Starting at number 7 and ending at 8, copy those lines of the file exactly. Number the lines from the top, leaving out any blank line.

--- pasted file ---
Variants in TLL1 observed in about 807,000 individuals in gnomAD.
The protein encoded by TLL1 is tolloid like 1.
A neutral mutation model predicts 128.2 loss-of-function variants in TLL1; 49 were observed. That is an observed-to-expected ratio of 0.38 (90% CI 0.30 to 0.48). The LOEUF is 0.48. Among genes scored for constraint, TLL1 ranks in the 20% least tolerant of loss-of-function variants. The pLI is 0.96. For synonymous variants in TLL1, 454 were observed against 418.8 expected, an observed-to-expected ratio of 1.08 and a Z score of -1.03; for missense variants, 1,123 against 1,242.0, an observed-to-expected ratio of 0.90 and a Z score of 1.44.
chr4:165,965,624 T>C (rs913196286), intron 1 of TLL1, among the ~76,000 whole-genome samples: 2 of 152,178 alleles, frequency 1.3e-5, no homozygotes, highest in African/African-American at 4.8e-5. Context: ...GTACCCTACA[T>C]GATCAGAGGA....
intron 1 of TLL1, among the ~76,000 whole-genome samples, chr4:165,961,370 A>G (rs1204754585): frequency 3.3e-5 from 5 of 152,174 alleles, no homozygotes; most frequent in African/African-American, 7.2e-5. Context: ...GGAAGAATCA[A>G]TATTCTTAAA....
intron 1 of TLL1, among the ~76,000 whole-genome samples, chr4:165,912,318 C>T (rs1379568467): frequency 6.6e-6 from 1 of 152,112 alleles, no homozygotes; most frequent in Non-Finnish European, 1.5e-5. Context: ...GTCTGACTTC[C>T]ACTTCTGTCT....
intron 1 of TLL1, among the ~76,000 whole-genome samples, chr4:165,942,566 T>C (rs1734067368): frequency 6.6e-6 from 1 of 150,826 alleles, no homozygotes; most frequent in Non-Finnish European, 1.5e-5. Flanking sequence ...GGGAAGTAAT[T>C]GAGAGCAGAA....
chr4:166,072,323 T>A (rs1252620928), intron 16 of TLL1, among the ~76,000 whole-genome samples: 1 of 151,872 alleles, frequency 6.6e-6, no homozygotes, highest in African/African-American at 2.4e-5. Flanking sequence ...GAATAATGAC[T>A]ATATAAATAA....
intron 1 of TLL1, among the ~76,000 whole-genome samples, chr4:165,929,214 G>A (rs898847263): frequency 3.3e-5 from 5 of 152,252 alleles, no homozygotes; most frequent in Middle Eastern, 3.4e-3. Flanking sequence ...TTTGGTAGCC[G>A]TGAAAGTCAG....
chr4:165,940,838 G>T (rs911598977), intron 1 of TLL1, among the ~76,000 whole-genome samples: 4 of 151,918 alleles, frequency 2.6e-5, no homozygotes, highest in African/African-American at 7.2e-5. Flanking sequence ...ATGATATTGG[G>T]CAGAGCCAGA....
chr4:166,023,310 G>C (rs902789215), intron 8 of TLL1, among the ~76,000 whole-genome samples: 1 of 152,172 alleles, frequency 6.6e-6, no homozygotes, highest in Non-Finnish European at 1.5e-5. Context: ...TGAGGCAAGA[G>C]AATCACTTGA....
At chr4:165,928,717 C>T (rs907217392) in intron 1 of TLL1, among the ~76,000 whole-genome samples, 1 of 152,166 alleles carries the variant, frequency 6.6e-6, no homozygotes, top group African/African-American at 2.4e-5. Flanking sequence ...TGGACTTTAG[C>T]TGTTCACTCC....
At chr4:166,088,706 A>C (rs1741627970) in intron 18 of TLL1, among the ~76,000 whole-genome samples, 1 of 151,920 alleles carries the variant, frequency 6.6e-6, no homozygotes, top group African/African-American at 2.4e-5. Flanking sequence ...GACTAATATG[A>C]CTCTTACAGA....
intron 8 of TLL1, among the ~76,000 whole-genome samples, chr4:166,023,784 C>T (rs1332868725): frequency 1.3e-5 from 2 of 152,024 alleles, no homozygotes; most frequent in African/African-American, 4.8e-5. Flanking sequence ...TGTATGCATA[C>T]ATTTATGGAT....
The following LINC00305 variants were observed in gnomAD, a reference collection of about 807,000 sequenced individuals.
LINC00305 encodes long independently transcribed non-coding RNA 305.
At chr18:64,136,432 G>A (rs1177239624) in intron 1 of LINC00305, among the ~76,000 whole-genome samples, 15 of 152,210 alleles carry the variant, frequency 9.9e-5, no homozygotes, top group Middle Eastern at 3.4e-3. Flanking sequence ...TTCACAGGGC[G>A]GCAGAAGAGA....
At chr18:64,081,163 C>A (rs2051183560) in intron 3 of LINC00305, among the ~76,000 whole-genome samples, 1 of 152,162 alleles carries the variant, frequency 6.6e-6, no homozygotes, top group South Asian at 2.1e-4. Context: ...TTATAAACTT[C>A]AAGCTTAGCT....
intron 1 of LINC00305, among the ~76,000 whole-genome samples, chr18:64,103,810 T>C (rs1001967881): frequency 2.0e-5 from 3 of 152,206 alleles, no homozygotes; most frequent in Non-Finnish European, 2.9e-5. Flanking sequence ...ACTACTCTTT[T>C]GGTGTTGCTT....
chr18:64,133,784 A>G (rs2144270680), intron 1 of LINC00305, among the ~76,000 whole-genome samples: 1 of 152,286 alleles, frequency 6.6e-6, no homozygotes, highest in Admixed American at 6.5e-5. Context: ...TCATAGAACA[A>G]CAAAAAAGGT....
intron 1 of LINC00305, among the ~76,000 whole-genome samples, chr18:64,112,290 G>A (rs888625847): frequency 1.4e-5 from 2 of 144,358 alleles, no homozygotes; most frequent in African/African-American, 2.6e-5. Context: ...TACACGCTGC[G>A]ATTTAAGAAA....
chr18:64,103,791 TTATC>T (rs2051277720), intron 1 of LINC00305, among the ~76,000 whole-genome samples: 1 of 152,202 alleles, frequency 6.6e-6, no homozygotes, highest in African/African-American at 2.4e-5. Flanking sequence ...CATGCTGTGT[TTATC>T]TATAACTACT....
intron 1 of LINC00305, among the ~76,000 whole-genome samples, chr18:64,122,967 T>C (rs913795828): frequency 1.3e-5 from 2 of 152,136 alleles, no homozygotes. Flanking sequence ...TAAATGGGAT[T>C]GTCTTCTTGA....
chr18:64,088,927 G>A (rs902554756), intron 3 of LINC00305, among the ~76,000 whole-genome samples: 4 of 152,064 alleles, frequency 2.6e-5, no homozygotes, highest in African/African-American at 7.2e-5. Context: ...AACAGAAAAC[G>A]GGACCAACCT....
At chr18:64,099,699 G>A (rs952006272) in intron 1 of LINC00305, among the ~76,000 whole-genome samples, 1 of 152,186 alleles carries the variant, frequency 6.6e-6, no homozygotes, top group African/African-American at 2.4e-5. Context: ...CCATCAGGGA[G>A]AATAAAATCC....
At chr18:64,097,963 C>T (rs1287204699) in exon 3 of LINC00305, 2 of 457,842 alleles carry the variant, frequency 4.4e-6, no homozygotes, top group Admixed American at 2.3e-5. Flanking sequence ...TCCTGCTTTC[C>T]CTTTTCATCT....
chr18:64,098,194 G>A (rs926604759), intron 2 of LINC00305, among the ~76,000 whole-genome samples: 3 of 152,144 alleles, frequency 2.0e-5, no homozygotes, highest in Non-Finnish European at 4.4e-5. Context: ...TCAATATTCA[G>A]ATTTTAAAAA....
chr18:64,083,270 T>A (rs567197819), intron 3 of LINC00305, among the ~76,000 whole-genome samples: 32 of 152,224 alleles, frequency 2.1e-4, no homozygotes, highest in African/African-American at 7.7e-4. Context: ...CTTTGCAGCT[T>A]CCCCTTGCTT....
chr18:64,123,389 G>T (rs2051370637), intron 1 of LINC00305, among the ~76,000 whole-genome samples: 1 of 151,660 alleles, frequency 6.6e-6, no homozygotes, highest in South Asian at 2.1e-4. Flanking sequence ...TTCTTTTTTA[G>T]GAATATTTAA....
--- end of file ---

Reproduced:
intron 1 of TLL1, among the ~76,000 whole-genome samples, chr4:165,942,566 T>C (rs1734067368): frequency 6.6e-6 from 1 of 150,826 alleles, no homozygotes; most frequent in Non-Finnish European, 1.5e-5. Flanking sequence ...GGGAAGTAAT[T>C]GAGAGCAGAA....
chr4:166,072,323 T>A (rs1252620928), intron 16 of TLL1, among the ~76,000 whole-genome samples: 1 of 151,872 alleles, frequency 6.6e-6, no homozygotes, highest in African/African-American at 2.4e-5. Flanking sequence ...GAATAATGAC[T>A]ATATAAATAA....